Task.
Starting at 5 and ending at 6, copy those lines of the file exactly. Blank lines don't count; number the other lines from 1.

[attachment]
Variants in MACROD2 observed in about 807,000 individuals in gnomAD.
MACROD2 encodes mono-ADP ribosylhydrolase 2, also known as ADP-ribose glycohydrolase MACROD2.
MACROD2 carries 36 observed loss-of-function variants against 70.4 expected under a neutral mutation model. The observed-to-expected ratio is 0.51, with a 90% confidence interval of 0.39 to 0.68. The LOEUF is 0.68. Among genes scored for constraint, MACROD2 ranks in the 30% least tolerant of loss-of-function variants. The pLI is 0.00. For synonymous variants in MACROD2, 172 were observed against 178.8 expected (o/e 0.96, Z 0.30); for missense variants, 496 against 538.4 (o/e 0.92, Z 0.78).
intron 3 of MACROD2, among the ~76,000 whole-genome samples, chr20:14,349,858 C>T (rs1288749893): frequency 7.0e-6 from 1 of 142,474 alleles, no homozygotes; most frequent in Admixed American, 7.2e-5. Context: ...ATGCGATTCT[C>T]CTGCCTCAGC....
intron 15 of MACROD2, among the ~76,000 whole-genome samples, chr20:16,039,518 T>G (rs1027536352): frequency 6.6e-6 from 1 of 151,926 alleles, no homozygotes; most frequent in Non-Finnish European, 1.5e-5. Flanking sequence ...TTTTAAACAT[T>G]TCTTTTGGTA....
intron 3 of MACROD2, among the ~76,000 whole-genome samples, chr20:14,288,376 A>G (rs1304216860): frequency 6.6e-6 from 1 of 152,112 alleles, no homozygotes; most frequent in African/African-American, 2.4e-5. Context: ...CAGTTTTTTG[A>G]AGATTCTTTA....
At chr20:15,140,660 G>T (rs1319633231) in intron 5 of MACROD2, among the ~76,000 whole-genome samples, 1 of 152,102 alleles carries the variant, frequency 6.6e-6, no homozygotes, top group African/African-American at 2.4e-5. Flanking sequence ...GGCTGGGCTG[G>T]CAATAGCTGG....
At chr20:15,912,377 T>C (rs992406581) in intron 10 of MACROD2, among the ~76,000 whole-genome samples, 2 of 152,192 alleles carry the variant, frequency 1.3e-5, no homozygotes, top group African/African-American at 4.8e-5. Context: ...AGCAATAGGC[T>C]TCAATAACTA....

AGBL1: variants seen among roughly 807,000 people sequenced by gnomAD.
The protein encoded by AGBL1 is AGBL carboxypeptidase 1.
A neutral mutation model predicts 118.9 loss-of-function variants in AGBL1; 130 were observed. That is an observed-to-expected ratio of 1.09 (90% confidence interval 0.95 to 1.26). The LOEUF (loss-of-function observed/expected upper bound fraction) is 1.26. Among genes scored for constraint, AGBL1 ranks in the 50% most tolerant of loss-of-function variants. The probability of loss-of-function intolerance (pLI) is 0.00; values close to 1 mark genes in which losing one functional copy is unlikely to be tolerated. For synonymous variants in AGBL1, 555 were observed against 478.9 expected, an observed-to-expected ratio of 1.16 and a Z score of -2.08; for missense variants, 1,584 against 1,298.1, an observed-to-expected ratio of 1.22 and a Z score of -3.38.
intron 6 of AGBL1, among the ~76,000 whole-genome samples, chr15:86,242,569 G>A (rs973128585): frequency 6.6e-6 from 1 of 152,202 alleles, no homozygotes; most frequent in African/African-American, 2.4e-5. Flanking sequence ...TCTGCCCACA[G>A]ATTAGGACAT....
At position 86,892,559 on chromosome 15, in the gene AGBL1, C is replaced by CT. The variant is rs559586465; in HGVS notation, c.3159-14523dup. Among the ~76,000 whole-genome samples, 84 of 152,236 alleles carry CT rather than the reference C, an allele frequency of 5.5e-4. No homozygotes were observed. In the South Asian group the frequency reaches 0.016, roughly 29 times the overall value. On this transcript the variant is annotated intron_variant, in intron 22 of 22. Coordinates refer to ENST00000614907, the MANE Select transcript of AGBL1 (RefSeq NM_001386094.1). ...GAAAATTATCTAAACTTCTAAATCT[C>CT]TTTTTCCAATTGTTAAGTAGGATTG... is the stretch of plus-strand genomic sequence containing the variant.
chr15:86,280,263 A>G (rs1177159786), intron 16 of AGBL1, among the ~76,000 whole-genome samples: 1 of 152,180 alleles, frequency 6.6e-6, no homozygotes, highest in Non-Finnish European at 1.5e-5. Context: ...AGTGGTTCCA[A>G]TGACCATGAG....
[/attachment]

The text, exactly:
intron 15 of MACROD2, among the ~76,000 whole-genome samples, chr20:16,039,518 T>G (rs1027536352): frequency 6.6e-6 from 1 of 151,926 alleles, no homozygotes; most frequent in Non-Finnish European, 1.5e-5. Flanking sequence ...TTTTAAACAT[T>G]TCTTTTGGTA....
intron 3 of MACROD2, among the ~76,000 whole-genome samples, chr20:14,288,376 A>G (rs1304216860): frequency 6.6e-6 from 1 of 152,112 alleles, no homozygotes; most frequent in African/African-American, 2.4e-5. Context: ...CAGTTTTTTG[A>G]AGATTCTTTA....